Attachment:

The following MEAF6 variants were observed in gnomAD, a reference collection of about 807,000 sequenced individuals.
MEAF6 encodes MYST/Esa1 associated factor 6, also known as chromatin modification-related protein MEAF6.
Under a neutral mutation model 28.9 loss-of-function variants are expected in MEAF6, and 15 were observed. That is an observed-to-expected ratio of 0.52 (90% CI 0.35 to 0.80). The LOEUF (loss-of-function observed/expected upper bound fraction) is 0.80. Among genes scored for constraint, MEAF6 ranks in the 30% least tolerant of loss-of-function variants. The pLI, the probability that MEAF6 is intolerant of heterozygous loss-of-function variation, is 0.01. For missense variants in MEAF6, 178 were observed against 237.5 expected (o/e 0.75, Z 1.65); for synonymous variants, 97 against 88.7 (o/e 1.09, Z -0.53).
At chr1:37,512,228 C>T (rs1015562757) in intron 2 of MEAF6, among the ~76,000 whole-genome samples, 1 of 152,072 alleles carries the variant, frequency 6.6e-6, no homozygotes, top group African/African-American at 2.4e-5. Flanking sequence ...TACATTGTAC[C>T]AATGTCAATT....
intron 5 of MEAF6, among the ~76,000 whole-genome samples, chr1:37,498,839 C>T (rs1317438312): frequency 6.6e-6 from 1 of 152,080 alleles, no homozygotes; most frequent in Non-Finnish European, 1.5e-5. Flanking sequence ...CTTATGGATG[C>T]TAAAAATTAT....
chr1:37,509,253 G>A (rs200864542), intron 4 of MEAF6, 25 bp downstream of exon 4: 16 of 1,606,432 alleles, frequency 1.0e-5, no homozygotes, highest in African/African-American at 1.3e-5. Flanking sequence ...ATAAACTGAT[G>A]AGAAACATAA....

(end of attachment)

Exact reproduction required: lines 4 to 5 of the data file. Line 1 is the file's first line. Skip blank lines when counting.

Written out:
At chr1:37,512,228 C>T (rs1015562757) in intron 2 of MEAF6, among the ~76,000 whole-genome samples, 1 of 152,072 alleles carries the variant, frequency 6.6e-6, no homozygotes, top group African/African-American at 2.4e-5. Flanking sequence ...TACATTGTAC[C>T]AATGTCAATT....
intron 5 of MEAF6, among the ~76,000 whole-genome samples, chr1:37,498,839 C>T (rs1317438312): frequency 6.6e-6 from 1 of 152,080 alleles, no homozygotes; most frequent in Non-Finnish European, 1.5e-5. Flanking sequence ...CTTATGGATG[C>T]TAAAAATTAT....